An experiment in the UK tried to teach children to meditate and live in the present, rather than worrying about the future or thinking about the past. But most teens answered with a common word among young adults: “boring.”
Mindfulness – the practice of paying more attention to the present moment through your thoughts, feelings, and the world around you, with the goal of improving well-being and mental health – is gaining followers around the world.
In the UK, health and education authorities have believed that vigilance can be particularly helpful in adolescence – the most vulnerable stage in life when mental problems first appear.
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A group of researchers from some of the most prestigious universities in the world, such as Oxford and Cambridge in England, created an experiment: they decided to teach mindfulness in some secondary schools in the country to analyze its effects on young people.
The result was a fiasco.
The study — published in the journal Evidence-Based Mental Health — found that teaching mindfulness lessons to teens in school to increase well-being is often a waste of time.
The method of performing meditations and small exercises did no more to improve the mental health of young people than the schools did.
Thousands of students and hundreds of teachers from 85 secondary schools participated in the experiment. Most of the students showed little interest in using the method they described as “boring”.
The results, while disappointing, say the researchers. They point out that while mindfulness may help some students, introducing it universally in schools would be a failure. The study recommends exploring other interventions that may be helpful, such as providing more specific mental health help.
Mindfulness is a method that aims to help people focus on what is really happening at the moment – Image: Pexels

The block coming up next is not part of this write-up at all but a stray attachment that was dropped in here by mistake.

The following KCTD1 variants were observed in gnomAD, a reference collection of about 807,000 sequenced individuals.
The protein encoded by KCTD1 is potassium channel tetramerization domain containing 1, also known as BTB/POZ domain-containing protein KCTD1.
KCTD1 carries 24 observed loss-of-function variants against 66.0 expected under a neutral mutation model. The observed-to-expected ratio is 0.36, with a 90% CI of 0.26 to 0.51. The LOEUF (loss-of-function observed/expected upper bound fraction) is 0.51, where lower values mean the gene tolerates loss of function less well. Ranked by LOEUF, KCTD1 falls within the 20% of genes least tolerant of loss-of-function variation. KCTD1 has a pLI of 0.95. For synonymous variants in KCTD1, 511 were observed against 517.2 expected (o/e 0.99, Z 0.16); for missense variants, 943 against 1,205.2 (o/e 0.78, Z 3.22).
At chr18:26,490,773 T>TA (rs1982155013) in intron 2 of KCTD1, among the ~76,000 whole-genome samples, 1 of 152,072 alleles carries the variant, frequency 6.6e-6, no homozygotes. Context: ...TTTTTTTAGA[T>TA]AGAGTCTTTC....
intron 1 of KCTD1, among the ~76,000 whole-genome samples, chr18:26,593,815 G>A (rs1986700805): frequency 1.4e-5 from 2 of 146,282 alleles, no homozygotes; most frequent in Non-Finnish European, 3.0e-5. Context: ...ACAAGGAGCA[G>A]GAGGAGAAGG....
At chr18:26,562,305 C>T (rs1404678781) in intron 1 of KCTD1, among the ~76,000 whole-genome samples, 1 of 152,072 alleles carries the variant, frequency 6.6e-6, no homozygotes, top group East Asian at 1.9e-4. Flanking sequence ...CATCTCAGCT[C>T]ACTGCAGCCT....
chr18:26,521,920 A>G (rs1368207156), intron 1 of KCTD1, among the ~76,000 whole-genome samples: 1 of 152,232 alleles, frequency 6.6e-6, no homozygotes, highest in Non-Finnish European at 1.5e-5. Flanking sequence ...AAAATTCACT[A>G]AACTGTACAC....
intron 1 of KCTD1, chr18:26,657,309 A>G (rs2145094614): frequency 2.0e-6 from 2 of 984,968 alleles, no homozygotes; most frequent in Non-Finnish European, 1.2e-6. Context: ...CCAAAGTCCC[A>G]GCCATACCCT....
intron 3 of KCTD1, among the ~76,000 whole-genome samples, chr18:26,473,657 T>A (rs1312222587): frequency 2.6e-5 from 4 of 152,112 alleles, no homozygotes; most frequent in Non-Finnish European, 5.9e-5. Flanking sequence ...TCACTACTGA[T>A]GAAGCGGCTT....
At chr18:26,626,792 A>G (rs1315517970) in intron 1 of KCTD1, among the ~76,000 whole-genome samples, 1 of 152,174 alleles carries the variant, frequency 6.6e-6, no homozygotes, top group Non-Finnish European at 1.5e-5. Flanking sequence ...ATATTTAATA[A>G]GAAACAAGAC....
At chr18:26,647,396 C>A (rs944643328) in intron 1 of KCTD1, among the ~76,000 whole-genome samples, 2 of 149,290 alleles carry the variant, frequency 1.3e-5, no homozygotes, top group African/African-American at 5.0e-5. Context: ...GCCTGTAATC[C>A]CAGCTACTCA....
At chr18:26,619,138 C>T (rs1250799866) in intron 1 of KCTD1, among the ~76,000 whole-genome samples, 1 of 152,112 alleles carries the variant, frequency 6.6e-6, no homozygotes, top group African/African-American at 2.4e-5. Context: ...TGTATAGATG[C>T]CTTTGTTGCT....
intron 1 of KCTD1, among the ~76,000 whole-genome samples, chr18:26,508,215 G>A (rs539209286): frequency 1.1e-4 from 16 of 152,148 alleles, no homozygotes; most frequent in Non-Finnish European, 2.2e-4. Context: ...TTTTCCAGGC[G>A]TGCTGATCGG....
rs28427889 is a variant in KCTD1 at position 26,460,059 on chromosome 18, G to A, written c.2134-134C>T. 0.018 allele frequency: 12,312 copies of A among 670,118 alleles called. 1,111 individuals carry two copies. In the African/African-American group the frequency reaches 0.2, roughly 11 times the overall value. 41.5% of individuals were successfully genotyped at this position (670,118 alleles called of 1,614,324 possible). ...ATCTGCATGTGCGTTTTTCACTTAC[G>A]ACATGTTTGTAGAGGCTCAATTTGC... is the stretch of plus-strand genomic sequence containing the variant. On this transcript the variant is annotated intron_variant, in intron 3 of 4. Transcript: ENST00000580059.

Mindfulness is a method intended to help people focus on what is really happening at the moment, rather than worrying about what has already happened or what might happen.
Advocates of this meditation-based technique say it helps people enjoy life more and understand themselves better, rather than falling into the trap of negative and harmful thoughts.
Students who participated in the study took several mindfulness classes during a semester. They were also asked to use this technique at home, but few did.
One of the study’s researchers, Professor Mark Williams of Oxford University, noted that students, on average, practice mindfulness only once during the 10-week course.
“It’s like just going to the gym once and hoping to get back in shape,” Williams explained. “But why didn’t they train? [mindfulness]? Many of them found it boring.”
Many of them among teachers have found that practicing mindfulness is beneficial for their well-being.
For Dan O’Hare of the British Psychological Association, “It is important not to view mindfulness sessions as a panacea or a ‘ready-to-use’ product that can help teens and their teachers become ‘more resilient’ without taking into account all the other factors that can influence on their lives, like the school environment.”
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“We also cannot ignore the fact that teenagers and teachers have had a very difficult two years. [por causa da pandemia]. Given the conditions we live in and the stresses this creates, it’s perhaps not entirely surprising that the study sample did not show a significant improvement in well-being,” says O’Hare.
Julieta Gallant from the University of Cambridge stresses that this research reinforces the importance of collecting data to see if the method really works.
The researchers believed the trial could be effective based on several small-scale studies. However, she says, “we need to be absolutely certain of the benefit before launching any comprehensive health intervention.”
“The results do not completely rule out the potential of mindfulness-based therapy in young people: as with any therapy, it works for some people, but not all. The important thing is to determine who can benefit from it, when and how,” says Professor Stella Chan, a specialist at the University of Reading.
This text was originally published in https://www.bbc.com/portuguese/geral-62190873
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